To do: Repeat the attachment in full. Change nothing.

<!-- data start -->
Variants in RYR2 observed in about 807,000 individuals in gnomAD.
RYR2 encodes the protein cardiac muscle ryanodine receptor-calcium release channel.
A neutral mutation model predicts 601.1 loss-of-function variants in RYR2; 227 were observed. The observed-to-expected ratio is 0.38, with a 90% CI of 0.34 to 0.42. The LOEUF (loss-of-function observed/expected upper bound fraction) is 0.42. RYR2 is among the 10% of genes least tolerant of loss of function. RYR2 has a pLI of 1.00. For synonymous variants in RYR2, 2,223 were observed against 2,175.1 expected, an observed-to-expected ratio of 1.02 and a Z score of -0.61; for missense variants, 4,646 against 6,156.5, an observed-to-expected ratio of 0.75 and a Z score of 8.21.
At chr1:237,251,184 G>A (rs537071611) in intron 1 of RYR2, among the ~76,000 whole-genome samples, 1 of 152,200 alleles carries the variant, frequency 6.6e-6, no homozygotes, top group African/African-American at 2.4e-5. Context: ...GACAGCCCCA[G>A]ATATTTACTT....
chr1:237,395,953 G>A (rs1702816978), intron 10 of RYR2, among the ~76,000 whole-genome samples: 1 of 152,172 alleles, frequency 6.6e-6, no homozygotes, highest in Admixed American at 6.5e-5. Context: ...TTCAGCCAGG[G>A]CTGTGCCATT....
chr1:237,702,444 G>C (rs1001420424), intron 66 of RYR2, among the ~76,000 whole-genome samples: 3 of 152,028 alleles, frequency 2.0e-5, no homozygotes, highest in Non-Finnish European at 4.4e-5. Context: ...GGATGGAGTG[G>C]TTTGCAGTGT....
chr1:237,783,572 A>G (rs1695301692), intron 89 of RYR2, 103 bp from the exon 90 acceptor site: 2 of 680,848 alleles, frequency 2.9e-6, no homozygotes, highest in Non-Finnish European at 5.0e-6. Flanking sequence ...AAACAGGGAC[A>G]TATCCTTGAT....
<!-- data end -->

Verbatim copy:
Variants in RYR2 observed in about 807,000 individuals in gnomAD.
RYR2 encodes the protein cardiac muscle ryanodine receptor-calcium release channel.
A neutral mutation model predicts 601.1 loss-of-function variants in RYR2; 227 were observed. The observed-to-expected ratio is 0.38, with a 90% CI of 0.34 to 0.42. The LOEUF (loss-of-function observed/expected upper bound fraction) is 0.42. RYR2 is among the 10% of genes least tolerant of loss of function. RYR2 has a pLI of 1.00. For synonymous variants in RYR2, 2,223 were observed against 2,175.1 expected, an observed-to-expected ratio of 1.02 and a Z score of -0.61; for missense variants, 4,646 against 6,156.5, an observed-to-expected ratio of 0.75 and a Z score of 8.21.
At chr1:237,251,184 G>A (rs537071611) in intron 1 of RYR2, among the ~76,000 whole-genome samples, 1 of 152,200 alleles carries the variant, frequency 6.6e-6, no homozygotes, top group African/African-American at 2.4e-5. Context: ...GACAGCCCCA[G>A]ATATTTACTT....
chr1:237,395,953 G>A (rs1702816978), intron 10 of RYR2, among the ~76,000 whole-genome samples: 1 of 152,172 alleles, frequency 6.6e-6, no homozygotes, highest in Admixed American at 6.5e-5. Context: ...TTCAGCCAGG[G>A]CTGTGCCATT....
chr1:237,702,444 G>C (rs1001420424), intron 66 of RYR2, among the ~76,000 whole-genome samples: 3 of 152,028 alleles, frequency 2.0e-5, no homozygotes, highest in Non-Finnish European at 4.4e-5. Context: ...GGATGGAGTG[G>C]TTTGCAGTGT....
chr1:237,783,572 A>G (rs1695301692), intron 89 of RYR2, 103 bp from the exon 90 acceptor site: 2 of 680,848 alleles, frequency 2.9e-6, no homozygotes, highest in Non-Finnish European at 5.0e-6. Flanking sequence ...AAACAGGGAC[A>G]TATCCTTGAT....